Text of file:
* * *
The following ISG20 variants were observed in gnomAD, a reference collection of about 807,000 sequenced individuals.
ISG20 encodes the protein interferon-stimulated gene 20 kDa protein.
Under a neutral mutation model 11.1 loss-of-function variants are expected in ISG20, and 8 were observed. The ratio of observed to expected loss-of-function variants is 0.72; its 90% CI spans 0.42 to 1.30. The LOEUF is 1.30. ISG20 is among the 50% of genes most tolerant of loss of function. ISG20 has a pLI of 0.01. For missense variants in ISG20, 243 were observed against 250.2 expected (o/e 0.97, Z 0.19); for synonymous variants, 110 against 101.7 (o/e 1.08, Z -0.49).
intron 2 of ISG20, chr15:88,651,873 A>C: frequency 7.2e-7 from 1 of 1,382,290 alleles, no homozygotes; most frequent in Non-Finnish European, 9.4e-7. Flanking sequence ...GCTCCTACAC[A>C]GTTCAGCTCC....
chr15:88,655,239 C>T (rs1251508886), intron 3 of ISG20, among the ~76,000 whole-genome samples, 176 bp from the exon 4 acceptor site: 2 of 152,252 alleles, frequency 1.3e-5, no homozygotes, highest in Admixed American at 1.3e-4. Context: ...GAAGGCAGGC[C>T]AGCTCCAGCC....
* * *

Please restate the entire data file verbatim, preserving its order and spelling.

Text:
The following ISG20 variants were observed in gnomAD, a reference collection of about 807,000 sequenced individuals.
ISG20 encodes the protein interferon-stimulated gene 20 kDa protein.
Under a neutral mutation model 11.1 loss-of-function variants are expected in ISG20, and 8 were observed. The ratio of observed to expected loss-of-function variants is 0.72; its 90% CI spans 0.42 to 1.30. The LOEUF is 1.30. ISG20 is among the 50% of genes most tolerant of loss of function. ISG20 has a pLI of 0.01. For missense variants in ISG20, 243 were observed against 250.2 expected (o/e 0.97, Z 0.19); for synonymous variants, 110 against 101.7 (o/e 1.08, Z -0.49).
intron 2 of ISG20, chr15:88,651,873 A>C: frequency 7.2e-7 from 1 of 1,382,290 alleles, no homozygotes; most frequent in Non-Finnish European, 9.4e-7. Flanking sequence ...GCTCCTACAC[A>C]GTTCAGCTCC....
chr15:88,655,239 C>T (rs1251508886), intron 3 of ISG20, among the ~76,000 whole-genome samples, 176 bp from the exon 4 acceptor site: 2 of 152,252 alleles, frequency 1.3e-5, no homozygotes, highest in Admixed American at 1.3e-4. Context: ...GAAGGCAGGC[C>T]AGCTCCAGCC....